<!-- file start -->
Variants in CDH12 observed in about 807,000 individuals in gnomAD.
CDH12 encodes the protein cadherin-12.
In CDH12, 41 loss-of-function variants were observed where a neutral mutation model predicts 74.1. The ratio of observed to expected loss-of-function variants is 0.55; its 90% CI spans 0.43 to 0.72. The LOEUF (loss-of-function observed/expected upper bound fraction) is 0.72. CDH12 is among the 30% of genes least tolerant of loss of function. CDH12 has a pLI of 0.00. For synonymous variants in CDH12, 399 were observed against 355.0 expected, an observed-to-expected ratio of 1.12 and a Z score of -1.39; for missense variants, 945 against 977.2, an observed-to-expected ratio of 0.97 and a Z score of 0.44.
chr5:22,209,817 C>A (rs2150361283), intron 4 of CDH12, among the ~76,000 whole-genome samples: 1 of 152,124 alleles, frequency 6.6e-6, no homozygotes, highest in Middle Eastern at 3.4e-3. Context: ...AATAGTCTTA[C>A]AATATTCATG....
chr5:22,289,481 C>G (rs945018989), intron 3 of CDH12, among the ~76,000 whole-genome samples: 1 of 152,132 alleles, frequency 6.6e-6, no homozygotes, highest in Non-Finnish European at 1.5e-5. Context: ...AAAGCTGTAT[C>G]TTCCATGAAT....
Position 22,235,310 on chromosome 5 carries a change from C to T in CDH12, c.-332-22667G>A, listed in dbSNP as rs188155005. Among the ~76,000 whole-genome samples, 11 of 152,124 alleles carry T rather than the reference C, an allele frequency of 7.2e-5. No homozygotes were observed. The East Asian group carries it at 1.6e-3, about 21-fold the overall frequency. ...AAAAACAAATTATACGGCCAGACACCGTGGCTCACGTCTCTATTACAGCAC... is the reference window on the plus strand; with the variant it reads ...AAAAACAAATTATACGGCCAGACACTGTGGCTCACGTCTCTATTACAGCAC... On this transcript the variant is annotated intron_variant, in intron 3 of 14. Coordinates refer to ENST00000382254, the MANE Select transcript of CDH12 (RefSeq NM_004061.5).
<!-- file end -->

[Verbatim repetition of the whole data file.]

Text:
Variants in CDH12 observed in about 807,000 individuals in gnomAD.
CDH12 encodes the protein cadherin-12.
In CDH12, 41 loss-of-function variants were observed where a neutral mutation model predicts 74.1. The ratio of observed to expected loss-of-function variants is 0.55; its 90% CI spans 0.43 to 0.72. The LOEUF (loss-of-function observed/expected upper bound fraction) is 0.72. CDH12 is among the 30% of genes least tolerant of loss of function. CDH12 has a pLI of 0.00. For synonymous variants in CDH12, 399 were observed against 355.0 expected, an observed-to-expected ratio of 1.12 and a Z score of -1.39; for missense variants, 945 against 977.2, an observed-to-expected ratio of 0.97 and a Z score of 0.44.
chr5:22,209,817 C>A (rs2150361283), intron 4 of CDH12, among the ~76,000 whole-genome samples: 1 of 152,124 alleles, frequency 6.6e-6, no homozygotes, highest in Middle Eastern at 3.4e-3. Context: ...AATAGTCTTA[C>A]AATATTCATG....
chr5:22,289,481 C>G (rs945018989), intron 3 of CDH12, among the ~76,000 whole-genome samples: 1 of 152,132 alleles, frequency 6.6e-6, no homozygotes, highest in Non-Finnish European at 1.5e-5. Context: ...AAAGCTGTAT[C>G]TTCCATGAAT....
Position 22,235,310 on chromosome 5 carries a change from C to T in CDH12, c.-332-22667G>A, listed in dbSNP as rs188155005. Among the ~76,000 whole-genome samples, 11 of 152,124 alleles carry T rather than the reference C, an allele frequency of 7.2e-5. No homozygotes were observed. The East Asian group carries it at 1.6e-3, about 21-fold the overall frequency. ...AAAAACAAATTATACGGCCAGACACCGTGGCTCACGTCTCTATTACAGCAC... is the reference window on the plus strand; with the variant it reads ...AAAAACAAATTATACGGCCAGACACTGTGGCTCACGTCTCTATTACAGCAC... On this transcript the variant is annotated intron_variant, in intron 3 of 14. Coordinates refer to ENST00000382254, the MANE Select transcript of CDH12 (RefSeq NM_004061.5).